Could You Not: Litterbug Losers


Kya Nethercot, Editor in Chief

Dear Litterbug Losers, 

The next time you consider leaving your trash around, could you not? This is not your home and no one here is your mother. It is not anyone’s responsibility but your own to pick up after you. Expecting someone else to do so is, quite frankly, really inconsiderate. 

Some would argue, “cleaning up after kids is what janitors are paid to do,” but janitors deserve respect and consideration just like everyone else. For example, It would take you 1 minute to get up, walk to the trash can, and dump drop your plate in it after lunch. If students had enough respect to do that, they could save janitors 45 minutes of clean up. 

This basic sense of respect should not be such a hard concept to grasp. However, If you’re somehow still confused, imagine you’re over at a friend’s house and you just finished eating lunch. Would you leave your leftovers and garbage on their dining room table? No. Would you stuff candy wrappers between their couch cushions? No. Would you spill your drink and not mop it up? NO! And If you would answer yes to any of these questions, you’re whole other “Could You Not” article.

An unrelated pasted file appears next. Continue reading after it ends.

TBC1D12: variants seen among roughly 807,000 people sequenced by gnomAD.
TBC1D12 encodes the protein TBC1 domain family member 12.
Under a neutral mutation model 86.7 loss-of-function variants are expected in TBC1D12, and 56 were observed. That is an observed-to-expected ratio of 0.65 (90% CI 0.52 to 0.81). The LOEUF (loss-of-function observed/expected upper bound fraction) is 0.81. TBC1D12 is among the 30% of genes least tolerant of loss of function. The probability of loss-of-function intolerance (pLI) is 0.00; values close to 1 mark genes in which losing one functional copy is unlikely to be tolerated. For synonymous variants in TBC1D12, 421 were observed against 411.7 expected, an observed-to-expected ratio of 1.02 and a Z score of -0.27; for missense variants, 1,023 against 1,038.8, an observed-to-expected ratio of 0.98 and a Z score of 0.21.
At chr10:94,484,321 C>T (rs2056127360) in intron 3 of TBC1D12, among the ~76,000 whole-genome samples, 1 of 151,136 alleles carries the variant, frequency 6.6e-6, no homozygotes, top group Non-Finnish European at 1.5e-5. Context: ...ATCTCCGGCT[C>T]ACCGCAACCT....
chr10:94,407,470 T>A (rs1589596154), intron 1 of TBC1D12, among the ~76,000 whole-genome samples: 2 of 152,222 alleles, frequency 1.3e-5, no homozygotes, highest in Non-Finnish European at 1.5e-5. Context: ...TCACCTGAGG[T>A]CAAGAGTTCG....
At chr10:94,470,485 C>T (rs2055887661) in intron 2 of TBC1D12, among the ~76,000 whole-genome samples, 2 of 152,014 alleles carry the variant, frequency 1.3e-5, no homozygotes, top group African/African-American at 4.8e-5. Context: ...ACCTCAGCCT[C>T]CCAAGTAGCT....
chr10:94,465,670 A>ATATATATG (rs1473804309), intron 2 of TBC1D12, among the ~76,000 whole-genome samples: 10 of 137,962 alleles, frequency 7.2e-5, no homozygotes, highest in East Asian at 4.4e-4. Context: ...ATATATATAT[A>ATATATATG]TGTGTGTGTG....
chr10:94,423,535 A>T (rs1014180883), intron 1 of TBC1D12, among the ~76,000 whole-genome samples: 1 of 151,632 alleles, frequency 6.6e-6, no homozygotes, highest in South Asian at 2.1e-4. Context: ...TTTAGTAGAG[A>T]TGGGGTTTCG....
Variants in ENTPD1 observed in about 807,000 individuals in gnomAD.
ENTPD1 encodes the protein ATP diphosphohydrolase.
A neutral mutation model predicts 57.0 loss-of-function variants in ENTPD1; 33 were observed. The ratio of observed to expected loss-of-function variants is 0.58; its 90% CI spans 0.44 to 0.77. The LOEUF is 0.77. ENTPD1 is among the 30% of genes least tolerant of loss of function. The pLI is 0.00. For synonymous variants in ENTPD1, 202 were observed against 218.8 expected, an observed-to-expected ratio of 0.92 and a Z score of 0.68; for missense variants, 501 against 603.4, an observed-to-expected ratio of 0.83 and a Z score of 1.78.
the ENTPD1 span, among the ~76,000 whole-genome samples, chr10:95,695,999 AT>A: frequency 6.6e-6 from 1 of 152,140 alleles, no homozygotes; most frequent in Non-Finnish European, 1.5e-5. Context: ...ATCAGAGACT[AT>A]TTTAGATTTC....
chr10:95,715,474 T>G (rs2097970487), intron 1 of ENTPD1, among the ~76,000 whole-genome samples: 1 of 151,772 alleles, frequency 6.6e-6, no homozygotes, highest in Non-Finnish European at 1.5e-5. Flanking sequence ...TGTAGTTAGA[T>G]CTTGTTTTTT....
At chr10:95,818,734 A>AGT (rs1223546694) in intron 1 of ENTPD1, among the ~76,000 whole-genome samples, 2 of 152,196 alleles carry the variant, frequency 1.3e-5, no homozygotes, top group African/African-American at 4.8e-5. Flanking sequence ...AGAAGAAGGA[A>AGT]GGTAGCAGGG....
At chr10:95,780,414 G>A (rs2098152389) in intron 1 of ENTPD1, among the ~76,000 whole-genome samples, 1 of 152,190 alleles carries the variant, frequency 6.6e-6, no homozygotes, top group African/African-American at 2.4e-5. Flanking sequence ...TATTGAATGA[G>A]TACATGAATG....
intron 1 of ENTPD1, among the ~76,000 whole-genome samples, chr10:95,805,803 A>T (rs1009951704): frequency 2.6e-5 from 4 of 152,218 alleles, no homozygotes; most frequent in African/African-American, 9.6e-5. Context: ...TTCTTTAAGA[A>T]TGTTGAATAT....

If you answered no, you probably did so because it would be disrespectful to leave a mess in someone else’s space, right? Then why would you think that it’s any different at school? 

I understand having a bit of clutter in your own space. If I’m completely honest, my room gets a bit messy from time to time, but that’s private. No one else has to see it, let alone clean it. What I don’t understand is how you could do that in public. 

This is high school. If you don’t know how to clean up after yourself by this age, you’re a lost cause. 

So next time, litterbug losers, could you not?